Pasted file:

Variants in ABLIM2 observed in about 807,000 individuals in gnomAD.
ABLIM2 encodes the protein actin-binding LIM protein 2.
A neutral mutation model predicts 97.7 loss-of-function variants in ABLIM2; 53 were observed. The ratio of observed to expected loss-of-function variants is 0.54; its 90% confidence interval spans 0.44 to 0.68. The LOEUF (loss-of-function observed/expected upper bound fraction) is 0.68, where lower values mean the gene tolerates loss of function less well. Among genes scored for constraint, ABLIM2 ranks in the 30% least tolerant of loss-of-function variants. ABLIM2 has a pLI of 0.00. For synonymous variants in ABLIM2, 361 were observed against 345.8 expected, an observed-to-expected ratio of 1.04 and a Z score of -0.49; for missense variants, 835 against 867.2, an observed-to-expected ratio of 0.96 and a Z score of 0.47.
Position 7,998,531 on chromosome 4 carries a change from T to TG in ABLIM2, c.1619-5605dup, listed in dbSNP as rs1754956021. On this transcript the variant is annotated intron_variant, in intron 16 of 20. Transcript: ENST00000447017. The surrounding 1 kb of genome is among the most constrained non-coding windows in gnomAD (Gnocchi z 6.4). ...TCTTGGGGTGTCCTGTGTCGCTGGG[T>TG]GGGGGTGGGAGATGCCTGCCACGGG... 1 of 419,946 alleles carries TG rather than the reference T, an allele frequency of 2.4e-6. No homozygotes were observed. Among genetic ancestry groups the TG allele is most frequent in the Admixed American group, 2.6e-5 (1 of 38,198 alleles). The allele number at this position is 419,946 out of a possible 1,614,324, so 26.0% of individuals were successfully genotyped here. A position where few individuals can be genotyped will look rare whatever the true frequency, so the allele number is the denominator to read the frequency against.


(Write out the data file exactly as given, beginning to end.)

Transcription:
Variants in ABLIM2 observed in about 807,000 individuals in gnomAD.
ABLIM2 encodes the protein actin-binding LIM protein 2.
A neutral mutation model predicts 97.7 loss-of-function variants in ABLIM2; 53 were observed. The ratio of observed to expected loss-of-function variants is 0.54; its 90% confidence interval spans 0.44 to 0.68. The LOEUF (loss-of-function observed/expected upper bound fraction) is 0.68, where lower values mean the gene tolerates loss of function less well. Among genes scored for constraint, ABLIM2 ranks in the 30% least tolerant of loss-of-function variants. ABLIM2 has a pLI of 0.00. For synonymous variants in ABLIM2, 361 were observed against 345.8 expected, an observed-to-expected ratio of 1.04 and a Z score of -0.49; for missense variants, 835 against 867.2, an observed-to-expected ratio of 0.96 and a Z score of 0.47.
Position 7,998,531 on chromosome 4 carries a change from T to TG in ABLIM2, c.1619-5605dup, listed in dbSNP as rs1754956021. On this transcript the variant is annotated intron_variant, in intron 16 of 20. Transcript: ENST00000447017. The surrounding 1 kb of genome is among the most constrained non-coding windows in gnomAD (Gnocchi z 6.4). ...TCTTGGGGTGTCCTGTGTCGCTGGG[T>TG]GGGGGTGGGAGATGCCTGCCACGGG... 1 of 419,946 alleles carries TG rather than the reference T, an allele frequency of 2.4e-6. No homozygotes were observed. Among genetic ancestry groups the TG allele is most frequent in the Admixed American group, 2.6e-5 (1 of 38,198 alleles). The allele number at this position is 419,946 out of a possible 1,614,324, so 26.0% of individuals were successfully genotyped here. A position where few individuals can be genotyped will look rare whatever the true frequency, so the allele number is the denominator to read the frequency against.